Deer control strategy

THE state government has launched Victoria’s first-ever deer management strategy, but some say it doesn’t go far enough, and deer should be declared a pest species now and a comprehensive control plan implemented right across the state.

The state government says the Victorian Deer Control Strategy is being kick-started with a $1 million spend to manage the growing problem of deer in the outer northern and eastern suburbs of Melbourne.

Energy, Environment and Climate Change Minister Lily D’Ambrosio says the strategy will address feral deer numbers in the outer suburbs of Melbourne to protect the environment and public safety.

Studies show some deer species are increasing their geographic range, spreading to previously unoccupied areas in Victoria and encroaching on peri-urban areas of Melbourne.

But Invasive Species Council chief executive Andrew Cox says the strategy fails to deliver much-needed on-ground control of surging feral deer populations.

“The Invasive Species Council welcomes the Victorian government’s initial $1 million investment targeting Melbourne’s northern and eastern suburbs, but there also needs to be a focused, on-ground effort on other priority areas and to remove isolated populations across the state,” Mr Cox said.

“There is a real sense of fear in the Victorian community that deer are taking over bushland, raiding farms and gardens and becoming serious dangers on our roads, but this strategy fails to reflect those community fears and lacks a sense of urgency.

“If the Victorian government is serious about reducing the feral deer threat to our environment and farming and urban communities, it must remove the protection of deer under the state’s Wildlife Act and declare feral deer a pest species,” he said.

“The government must remove restrictions on controlling hog deer on private property and it should require landholders to cooperate with broadly supported local eradication programs – it only takes one landholder harbouring deer to undermine efforts of their neighbours working to reduce deer numbers.

“The new strategy also needs to be improved by integrating regional deer plans with the work of the catchment management authorities and existing pest management programs.”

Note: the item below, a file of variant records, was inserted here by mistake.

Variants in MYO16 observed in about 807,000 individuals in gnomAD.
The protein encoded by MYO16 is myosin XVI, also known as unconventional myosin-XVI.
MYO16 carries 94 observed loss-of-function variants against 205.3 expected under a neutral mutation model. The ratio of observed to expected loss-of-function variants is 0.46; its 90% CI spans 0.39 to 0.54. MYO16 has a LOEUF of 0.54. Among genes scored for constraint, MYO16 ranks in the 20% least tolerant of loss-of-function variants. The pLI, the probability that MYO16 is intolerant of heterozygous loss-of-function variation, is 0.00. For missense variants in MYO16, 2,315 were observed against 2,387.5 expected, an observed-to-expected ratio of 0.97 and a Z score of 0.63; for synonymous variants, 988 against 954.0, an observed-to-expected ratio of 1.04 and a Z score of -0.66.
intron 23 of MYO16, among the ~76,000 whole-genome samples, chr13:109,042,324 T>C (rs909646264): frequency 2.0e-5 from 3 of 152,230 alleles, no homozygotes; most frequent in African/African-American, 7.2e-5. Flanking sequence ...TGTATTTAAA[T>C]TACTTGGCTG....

The Invasive Species Council is calling on the state government to bring its deer management strategy into line with the remainder of mainland Australia by removing all barriers to deer control.

Victorian National Parks Association’s spokesperson Phil Ingamells agrees the strategy does not go far enough, saying it failed to adequately address the deer menace.

“We need real action now …,” he said.

“Within the broad deer population, the strategy plans to concentrate on priority areas, but those areas exist right across the state – rainforests, wineries, orchards, alpine regions, national parks, wetlands etc.

The strategy should be aiming at reducing the deer population across Victoria,” Mr Ingamells said.

“Localised action will have to continue endlessly if the broad population isn’t substantially reduced.

“It is good that public land managers will no longer have to apply for specific permission under the Wildlife Act to control them but, bizarrely, deer will remain a protected species under that same Act.

“Deer are one of the state’s most damaging pest animals, and that should be recognised in law by listing them as feral species,” Ingamells said.

“There will need to be a huge increase in resources if the plan will have any chance of reducing the deer menace.”

There are four main breeds of deer in Victoria – Sambar, Fallow, Hog and Red Deer.

They were introduced in the 19th century as a game animal, but have bred beyond the control of hunters.

Some estimates put the population of deer in the state at about one million.

Impacts of deer include ringbarking trees, wallowing in wetlands, and browsing on almost every native plant.

Their impact on Aboriginal sites, agriculture, urban communities and road users is growing every year.

An outer suburban management plan will be developed in partnership with local councils, Parks Victoria and Traditional Owners to identify effective measures to reduce the impacts of wild deer and increase road safety.

The strategy will inform future regional deer control plans for other areas of the state.

The government says the strategy complements its expansion of the areas deer can be recreationally hunted and legislative changes allowing hunters to have wild deer butchered for personal use.

Development of the outer suburban plan will begin in the coming months.

For more information on the strategy, visit environment.vic.gov.au/invasive-plants-and-animals/deer-control-strategy.